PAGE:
When asked whether a common thread links church bombings in Nigeria with events such as the Colorado theater shooting, Pastor Shina drew attention to Biblical descriptions of the End Times, of which such incomprehensible tragedies are characteristic. But he added that “people just don’t fear God anymore,” and that fear is what restrains us from evil. Moreover, removing prayer from schools also removes a young person’s moral compass.

On Nigeria’s future, he said: “It is a great country, but going through a birthing process.”

 

Update: I received an interesting email from a retired army chaplain, Roger Dill. He writes:

“Jim, I  wish everyone had your spirit to be open to going where few go.  I was  blessed to grow a refugee congregation in the midst of an old and dying church  in Louisville several years ago.  They were from both Liberia and the  Congo, and they were the heart of the worship in that church and my joy in ministry.  We as the Church in America are not where we need to be, but  thank God , we are not where we used to be. Grace for the  journey.”

Post a Comment 2 Comments

  • Posted by Brennan Kraxberger

    After doing research in Nigeria (1999-2002), I have an enormous respect for the country’s diaspora. Of particular note are the the ethnic unions and “hometown associations” that send much-needed resources back to Nigerian communities. The book “Hometown Associations” by Rex Honey and Stanley Okafor is worth a read.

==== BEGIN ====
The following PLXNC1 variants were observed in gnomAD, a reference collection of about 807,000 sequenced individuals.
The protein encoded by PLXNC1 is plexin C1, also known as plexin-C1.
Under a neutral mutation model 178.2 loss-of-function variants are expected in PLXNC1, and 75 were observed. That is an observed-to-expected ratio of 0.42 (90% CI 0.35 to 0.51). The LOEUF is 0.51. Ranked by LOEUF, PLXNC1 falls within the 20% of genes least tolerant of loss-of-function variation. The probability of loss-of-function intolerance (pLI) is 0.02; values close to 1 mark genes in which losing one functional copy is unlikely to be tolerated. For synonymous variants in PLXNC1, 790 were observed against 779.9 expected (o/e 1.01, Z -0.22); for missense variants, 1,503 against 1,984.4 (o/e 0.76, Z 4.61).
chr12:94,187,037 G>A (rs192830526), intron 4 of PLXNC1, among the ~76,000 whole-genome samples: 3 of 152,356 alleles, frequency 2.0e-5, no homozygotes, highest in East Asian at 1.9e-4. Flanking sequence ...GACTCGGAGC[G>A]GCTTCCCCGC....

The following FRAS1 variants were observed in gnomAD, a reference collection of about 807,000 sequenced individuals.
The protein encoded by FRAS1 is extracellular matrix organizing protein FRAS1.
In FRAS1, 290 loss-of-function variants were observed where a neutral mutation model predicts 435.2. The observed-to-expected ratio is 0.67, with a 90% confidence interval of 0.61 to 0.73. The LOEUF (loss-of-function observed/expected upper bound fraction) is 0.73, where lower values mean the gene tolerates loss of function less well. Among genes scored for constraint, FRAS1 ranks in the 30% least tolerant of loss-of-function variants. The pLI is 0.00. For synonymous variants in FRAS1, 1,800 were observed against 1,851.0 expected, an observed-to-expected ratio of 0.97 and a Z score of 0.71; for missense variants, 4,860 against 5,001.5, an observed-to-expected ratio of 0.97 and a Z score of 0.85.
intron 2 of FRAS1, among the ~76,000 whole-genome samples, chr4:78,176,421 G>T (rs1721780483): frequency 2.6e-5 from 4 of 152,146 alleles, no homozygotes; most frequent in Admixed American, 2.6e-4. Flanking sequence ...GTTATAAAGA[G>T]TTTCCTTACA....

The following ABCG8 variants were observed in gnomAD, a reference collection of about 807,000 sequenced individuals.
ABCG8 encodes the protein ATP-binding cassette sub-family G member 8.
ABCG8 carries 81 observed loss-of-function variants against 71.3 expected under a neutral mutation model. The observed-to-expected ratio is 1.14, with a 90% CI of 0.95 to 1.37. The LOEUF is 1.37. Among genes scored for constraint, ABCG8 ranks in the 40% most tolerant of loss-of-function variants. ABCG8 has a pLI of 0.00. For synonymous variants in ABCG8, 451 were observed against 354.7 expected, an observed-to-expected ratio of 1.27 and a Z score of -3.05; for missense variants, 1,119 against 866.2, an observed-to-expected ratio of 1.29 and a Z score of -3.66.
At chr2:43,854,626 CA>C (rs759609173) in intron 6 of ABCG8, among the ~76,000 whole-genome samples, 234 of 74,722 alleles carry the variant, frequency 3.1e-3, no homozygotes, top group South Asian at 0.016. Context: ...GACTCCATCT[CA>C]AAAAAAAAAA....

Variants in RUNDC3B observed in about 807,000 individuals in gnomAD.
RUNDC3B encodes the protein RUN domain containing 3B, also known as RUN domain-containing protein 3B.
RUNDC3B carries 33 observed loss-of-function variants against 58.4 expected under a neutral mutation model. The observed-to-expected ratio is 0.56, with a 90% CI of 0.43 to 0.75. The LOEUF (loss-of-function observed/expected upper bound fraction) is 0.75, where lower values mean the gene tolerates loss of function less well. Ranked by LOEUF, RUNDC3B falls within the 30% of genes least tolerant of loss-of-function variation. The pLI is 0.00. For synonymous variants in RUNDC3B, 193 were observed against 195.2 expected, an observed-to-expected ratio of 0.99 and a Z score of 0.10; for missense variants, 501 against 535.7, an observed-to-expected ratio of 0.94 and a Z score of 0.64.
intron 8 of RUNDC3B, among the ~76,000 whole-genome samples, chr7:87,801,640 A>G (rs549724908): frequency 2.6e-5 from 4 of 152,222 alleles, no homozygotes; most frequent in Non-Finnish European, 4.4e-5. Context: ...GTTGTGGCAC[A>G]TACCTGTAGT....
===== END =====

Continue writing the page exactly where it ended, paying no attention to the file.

• Posted by Chike Chukudebelu

    1. I suspect that when Jim Sanders was in West Africa, he didn’t “watch” out for the growth of Christianity from the 80′s to present. This is a blind spot for diplomats, academics and strategists – they prefer to study obscure Islamist sects instead.

    This is why his piece reads like the log of an explorer, stumbling on some new discovery.

    2. This phenomena is very old, has been going on for the past thirty years.

    3. Having said that, Western policy makers are best advised to ponder on the implications of the rapid growth of Evangelical Christianity in Sub-Saharan Africa.

    This is extremely important, considering that “global strategists” such as Huntington completely ignored this trend (no mention of it his seminal work, “The Clash of Civilizations”).

    A couple of weeks ago, the head of the Christian Association of Nigeria (CAN), Pastor Ayo Oritsejafor, testified at the US Congress.

    Oritsejafor and the leadership of CAN seem to have forged links with the Evangelical lobby in the US, and they are using those links to influence US policy on Boko Haram. We can expect more collaboration in future.

    4. One must never underestimate the spread and reach of Evangelical Christianity in Sub-Saharan Africa and the influence of Nigerian pastors. Nigeria’s rapidly growing Middle Class is largely Christian and has a significant Evangelical component.

    What this means is that the next generation of business leaders and intellectuals are likely to be largely Christian and Evangelical.

    When you realise that the Redeemed Christian Church of God has more branches in Lagos than there are Police Stations, Fire Stations and Local Government Buildings combined, you’ll immediately realise where I am coming from.